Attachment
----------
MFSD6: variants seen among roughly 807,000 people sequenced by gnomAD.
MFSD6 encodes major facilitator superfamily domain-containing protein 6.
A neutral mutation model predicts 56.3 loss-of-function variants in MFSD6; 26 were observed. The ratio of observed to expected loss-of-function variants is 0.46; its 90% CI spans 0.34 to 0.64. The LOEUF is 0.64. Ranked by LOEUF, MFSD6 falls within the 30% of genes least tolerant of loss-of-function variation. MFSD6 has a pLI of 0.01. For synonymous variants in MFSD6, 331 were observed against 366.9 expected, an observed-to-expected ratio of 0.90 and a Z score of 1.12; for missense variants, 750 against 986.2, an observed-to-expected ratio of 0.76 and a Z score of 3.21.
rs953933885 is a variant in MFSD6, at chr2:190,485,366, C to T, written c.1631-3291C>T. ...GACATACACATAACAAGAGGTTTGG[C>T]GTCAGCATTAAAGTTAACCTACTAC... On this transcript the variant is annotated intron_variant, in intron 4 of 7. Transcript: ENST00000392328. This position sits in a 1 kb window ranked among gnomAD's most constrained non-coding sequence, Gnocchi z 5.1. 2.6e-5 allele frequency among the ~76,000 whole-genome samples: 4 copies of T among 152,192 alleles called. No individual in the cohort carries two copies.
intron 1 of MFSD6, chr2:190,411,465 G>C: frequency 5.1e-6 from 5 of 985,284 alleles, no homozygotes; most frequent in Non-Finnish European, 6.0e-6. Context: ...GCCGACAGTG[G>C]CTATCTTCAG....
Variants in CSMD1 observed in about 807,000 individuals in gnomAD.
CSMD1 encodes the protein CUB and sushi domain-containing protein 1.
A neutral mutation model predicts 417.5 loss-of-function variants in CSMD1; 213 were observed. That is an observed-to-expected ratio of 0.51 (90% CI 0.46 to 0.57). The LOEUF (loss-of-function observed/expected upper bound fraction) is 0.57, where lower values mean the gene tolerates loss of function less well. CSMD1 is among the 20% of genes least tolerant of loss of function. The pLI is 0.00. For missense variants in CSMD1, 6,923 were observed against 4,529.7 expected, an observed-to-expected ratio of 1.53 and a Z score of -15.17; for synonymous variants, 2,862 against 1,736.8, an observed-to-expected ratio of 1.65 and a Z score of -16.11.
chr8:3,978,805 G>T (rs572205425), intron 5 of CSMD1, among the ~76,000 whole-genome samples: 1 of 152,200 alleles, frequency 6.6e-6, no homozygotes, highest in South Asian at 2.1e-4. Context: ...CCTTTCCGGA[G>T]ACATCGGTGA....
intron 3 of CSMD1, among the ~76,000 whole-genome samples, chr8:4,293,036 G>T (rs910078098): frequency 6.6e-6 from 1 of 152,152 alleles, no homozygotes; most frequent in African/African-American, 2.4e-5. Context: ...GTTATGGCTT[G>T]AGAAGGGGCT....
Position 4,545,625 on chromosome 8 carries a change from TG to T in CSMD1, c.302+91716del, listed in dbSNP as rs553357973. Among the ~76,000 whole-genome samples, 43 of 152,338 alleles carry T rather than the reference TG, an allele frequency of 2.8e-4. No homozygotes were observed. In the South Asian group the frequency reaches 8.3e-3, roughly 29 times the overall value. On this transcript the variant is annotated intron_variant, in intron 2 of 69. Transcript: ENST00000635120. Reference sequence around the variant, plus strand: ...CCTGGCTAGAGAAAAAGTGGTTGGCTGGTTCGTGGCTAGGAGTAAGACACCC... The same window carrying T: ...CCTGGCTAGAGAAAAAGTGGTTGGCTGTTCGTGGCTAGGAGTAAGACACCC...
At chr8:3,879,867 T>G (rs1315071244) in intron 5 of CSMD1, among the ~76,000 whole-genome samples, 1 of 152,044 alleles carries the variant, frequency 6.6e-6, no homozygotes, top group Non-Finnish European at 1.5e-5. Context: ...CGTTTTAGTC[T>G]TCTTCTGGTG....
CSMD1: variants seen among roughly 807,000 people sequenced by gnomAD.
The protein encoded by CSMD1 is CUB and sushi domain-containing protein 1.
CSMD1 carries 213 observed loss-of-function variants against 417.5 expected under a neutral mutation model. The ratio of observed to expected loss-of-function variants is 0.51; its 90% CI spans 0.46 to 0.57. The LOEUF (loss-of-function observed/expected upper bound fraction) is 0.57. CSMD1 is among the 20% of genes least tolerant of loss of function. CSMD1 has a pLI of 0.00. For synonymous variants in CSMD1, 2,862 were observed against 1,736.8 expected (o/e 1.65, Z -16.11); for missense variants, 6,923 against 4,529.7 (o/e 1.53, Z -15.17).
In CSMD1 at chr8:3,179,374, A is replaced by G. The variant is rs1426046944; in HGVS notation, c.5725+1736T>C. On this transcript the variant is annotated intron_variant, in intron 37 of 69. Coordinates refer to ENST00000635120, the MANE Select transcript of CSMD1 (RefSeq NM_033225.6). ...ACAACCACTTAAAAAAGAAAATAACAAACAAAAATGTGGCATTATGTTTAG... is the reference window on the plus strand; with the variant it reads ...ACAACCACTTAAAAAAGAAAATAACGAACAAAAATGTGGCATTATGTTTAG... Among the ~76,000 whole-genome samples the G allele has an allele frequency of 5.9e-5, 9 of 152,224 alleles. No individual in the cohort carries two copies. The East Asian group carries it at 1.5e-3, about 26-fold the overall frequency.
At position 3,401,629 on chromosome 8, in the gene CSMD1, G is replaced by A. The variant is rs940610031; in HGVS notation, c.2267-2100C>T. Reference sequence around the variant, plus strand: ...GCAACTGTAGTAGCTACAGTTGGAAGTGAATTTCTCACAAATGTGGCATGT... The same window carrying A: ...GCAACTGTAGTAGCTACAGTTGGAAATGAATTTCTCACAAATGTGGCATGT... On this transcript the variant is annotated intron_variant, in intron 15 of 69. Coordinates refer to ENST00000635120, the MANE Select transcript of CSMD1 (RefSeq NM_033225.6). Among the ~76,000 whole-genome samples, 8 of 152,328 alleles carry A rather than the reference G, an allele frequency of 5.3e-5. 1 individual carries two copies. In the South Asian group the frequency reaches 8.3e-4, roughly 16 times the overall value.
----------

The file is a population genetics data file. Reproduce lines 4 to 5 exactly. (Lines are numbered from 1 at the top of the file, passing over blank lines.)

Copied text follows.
rs953933885 is a variant in MFSD6, at chr2:190,485,366, C to T, written c.1631-3291C>T. ...GACATACACATAACAAGAGGTTTGG[C>T]GTCAGCATTAAAGTTAACCTACTAC... On this transcript the variant is annotated intron_variant, in intron 4 of 7. Transcript: ENST00000392328. This position sits in a 1 kb window ranked among gnomAD's most constrained non-coding sequence, Gnocchi z 5.1. 2.6e-5 allele frequency among the ~76,000 whole-genome samples: 4 copies of T among 152,192 alleles called. No individual in the cohort carries two copies.
intron 1 of MFSD6, chr2:190,411,465 G>C: frequency 5.1e-6 from 5 of 985,284 alleles, no homozygotes; most frequent in Non-Finnish European, 6.0e-6. Context: ...GCCGACAGTG[G>C]CTATCTTCAG....